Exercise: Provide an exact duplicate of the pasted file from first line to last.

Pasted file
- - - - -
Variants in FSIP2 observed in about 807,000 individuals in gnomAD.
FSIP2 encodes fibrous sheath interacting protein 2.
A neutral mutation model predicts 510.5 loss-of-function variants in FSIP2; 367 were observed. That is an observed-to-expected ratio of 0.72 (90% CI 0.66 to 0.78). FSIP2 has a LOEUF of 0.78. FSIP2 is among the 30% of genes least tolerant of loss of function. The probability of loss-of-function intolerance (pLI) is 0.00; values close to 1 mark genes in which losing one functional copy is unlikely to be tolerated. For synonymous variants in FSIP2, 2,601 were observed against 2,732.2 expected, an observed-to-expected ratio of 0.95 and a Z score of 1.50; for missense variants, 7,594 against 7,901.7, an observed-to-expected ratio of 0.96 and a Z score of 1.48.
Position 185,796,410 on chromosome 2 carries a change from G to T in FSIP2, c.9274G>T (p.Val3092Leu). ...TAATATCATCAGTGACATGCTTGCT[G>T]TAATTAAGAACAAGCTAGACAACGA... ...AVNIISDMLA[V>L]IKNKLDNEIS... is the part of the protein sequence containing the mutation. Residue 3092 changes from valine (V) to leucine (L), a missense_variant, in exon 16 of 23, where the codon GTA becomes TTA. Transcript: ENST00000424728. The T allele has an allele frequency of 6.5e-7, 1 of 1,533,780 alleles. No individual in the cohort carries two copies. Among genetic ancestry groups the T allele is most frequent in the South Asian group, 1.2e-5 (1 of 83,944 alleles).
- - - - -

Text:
Variants in FSIP2 observed in about 807,000 individuals in gnomAD.
FSIP2 encodes fibrous sheath interacting protein 2.
A neutral mutation model predicts 510.5 loss-of-function variants in FSIP2; 367 were observed. That is an observed-to-expected ratio of 0.72 (90% CI 0.66 to 0.78). FSIP2 has a LOEUF of 0.78. FSIP2 is among the 30% of genes least tolerant of loss of function. The probability of loss-of-function intolerance (pLI) is 0.00; values close to 1 mark genes in which losing one functional copy is unlikely to be tolerated. For synonymous variants in FSIP2, 2,601 were observed against 2,732.2 expected, an observed-to-expected ratio of 0.95 and a Z score of 1.50; for missense variants, 7,594 against 7,901.7, an observed-to-expected ratio of 0.96 and a Z score of 1.48.
Position 185,796,410 on chromosome 2 carries a change from G to T in FSIP2, c.9274G>T (p.Val3092Leu). ...TAATATCATCAGTGACATGCTTGCT[G>T]TAATTAAGAACAAGCTAGACAACGA... ...AVNIISDMLA[V>L]IKNKLDNEIS... is the part of the protein sequence containing the mutation. Residue 3092 changes from valine (V) to leucine (L), a missense_variant, in exon 16 of 23, where the codon GTA becomes TTA. Transcript: ENST00000424728. The T allele has an allele frequency of 6.5e-7, 1 of 1,533,780 alleles. No individual in the cohort carries two copies. Among genetic ancestry groups the T allele is most frequent in the South Asian group, 1.2e-5 (1 of 83,944 alleles).